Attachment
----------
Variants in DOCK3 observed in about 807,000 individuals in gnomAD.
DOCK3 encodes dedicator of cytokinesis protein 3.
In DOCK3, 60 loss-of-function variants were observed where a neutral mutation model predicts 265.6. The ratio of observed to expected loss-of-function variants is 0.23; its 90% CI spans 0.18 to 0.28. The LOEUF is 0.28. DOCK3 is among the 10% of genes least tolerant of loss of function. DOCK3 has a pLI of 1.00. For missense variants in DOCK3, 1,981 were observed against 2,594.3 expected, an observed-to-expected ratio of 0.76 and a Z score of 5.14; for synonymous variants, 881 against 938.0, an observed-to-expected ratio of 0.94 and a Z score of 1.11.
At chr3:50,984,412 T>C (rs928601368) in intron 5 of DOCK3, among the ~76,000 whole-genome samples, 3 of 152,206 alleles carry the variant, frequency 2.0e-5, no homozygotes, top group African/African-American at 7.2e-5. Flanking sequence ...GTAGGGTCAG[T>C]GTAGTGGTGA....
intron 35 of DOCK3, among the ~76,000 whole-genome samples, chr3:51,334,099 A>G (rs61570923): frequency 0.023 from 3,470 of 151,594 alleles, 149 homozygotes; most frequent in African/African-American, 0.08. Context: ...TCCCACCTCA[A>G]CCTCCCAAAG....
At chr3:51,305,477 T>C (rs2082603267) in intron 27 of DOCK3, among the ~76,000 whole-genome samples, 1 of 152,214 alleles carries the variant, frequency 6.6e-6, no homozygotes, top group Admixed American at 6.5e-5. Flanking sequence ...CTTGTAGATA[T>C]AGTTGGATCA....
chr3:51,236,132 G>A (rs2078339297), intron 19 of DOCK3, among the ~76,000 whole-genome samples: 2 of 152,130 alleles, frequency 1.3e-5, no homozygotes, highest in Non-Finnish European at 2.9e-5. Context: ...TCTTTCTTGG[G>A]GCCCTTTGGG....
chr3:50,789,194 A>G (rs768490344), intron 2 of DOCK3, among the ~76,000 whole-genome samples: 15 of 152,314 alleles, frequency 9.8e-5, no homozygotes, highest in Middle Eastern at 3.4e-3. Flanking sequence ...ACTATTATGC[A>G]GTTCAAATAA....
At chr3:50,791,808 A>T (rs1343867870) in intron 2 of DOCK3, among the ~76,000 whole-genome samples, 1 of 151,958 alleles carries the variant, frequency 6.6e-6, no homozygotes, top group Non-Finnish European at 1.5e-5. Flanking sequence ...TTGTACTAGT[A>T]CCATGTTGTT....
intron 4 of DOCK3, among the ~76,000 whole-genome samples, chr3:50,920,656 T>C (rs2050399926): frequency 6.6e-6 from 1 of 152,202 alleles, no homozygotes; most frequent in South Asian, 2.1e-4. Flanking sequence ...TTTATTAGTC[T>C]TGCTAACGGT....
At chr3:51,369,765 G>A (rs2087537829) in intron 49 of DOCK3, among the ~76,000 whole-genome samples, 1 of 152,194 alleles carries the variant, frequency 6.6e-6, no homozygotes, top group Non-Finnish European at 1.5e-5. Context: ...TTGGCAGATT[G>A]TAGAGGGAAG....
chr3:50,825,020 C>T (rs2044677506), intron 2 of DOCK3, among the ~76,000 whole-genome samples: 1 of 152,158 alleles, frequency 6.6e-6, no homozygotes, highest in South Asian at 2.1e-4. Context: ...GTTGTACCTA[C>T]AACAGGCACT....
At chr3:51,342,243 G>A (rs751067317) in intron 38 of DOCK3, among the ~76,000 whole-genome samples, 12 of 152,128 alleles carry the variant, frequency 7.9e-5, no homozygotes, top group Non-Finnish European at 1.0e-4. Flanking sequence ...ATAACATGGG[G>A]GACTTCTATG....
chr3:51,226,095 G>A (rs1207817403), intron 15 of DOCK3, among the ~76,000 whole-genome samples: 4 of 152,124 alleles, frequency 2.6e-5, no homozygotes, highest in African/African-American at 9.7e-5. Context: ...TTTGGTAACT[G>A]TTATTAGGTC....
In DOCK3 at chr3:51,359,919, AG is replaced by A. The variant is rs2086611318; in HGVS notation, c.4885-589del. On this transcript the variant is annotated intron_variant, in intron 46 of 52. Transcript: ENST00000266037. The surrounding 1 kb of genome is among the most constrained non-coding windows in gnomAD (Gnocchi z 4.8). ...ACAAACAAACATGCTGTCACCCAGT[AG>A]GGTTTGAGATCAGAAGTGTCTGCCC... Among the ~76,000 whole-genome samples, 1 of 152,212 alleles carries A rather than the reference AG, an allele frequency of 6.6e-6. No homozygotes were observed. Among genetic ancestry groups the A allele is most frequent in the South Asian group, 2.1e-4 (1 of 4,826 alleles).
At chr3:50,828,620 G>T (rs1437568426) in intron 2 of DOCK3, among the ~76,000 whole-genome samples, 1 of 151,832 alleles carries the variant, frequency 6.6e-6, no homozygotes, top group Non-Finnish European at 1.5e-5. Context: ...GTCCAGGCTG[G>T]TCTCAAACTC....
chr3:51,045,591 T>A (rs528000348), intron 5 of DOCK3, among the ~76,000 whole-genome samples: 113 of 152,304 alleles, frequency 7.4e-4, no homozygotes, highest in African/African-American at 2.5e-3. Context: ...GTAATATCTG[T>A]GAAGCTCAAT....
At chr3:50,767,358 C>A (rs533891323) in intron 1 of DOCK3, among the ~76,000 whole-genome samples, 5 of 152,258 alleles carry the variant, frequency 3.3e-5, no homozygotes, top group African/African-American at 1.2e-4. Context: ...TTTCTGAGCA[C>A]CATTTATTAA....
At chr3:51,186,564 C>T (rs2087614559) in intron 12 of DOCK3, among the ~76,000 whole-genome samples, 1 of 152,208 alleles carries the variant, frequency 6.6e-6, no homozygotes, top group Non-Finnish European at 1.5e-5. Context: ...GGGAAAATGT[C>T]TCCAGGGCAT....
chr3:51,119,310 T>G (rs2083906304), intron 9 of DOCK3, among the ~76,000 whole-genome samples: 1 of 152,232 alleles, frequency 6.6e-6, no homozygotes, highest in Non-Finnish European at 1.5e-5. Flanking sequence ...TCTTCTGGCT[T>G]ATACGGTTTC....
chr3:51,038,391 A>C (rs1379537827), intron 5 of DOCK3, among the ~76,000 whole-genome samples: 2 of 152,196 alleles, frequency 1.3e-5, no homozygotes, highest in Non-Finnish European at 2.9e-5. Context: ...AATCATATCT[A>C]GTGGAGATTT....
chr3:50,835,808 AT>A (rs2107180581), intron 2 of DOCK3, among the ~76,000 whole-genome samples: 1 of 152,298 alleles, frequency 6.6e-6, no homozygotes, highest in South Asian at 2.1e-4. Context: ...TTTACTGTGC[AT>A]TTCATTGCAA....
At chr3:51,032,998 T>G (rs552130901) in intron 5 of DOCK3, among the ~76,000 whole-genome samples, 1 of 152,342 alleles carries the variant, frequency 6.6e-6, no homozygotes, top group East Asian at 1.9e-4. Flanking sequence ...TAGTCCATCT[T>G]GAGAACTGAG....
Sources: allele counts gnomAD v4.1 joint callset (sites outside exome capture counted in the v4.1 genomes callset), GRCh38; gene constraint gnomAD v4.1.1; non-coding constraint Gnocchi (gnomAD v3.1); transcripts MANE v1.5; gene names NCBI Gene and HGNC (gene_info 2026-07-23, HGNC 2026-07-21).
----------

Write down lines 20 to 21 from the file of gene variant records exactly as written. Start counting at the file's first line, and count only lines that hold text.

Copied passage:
chr3:51,119,310 T>G (rs2083906304), intron 9 of DOCK3, among the ~76,000 whole-genome samples: 1 of 152,232 alleles, frequency 6.6e-6, no homozygotes, highest in Non-Finnish European at 1.5e-5. Flanking sequence ...TCTTCTGGCT[T>G]ATACGGTTTC....
chr3:51,038,391 A>C (rs1379537827), intron 5 of DOCK3, among the ~76,000 whole-genome samples: 2 of 152,196 alleles, frequency 1.3e-5, no homozygotes, highest in Non-Finnish European at 2.9e-5. Context: ...AATCATATCT[A>C]GTGGAGATTT....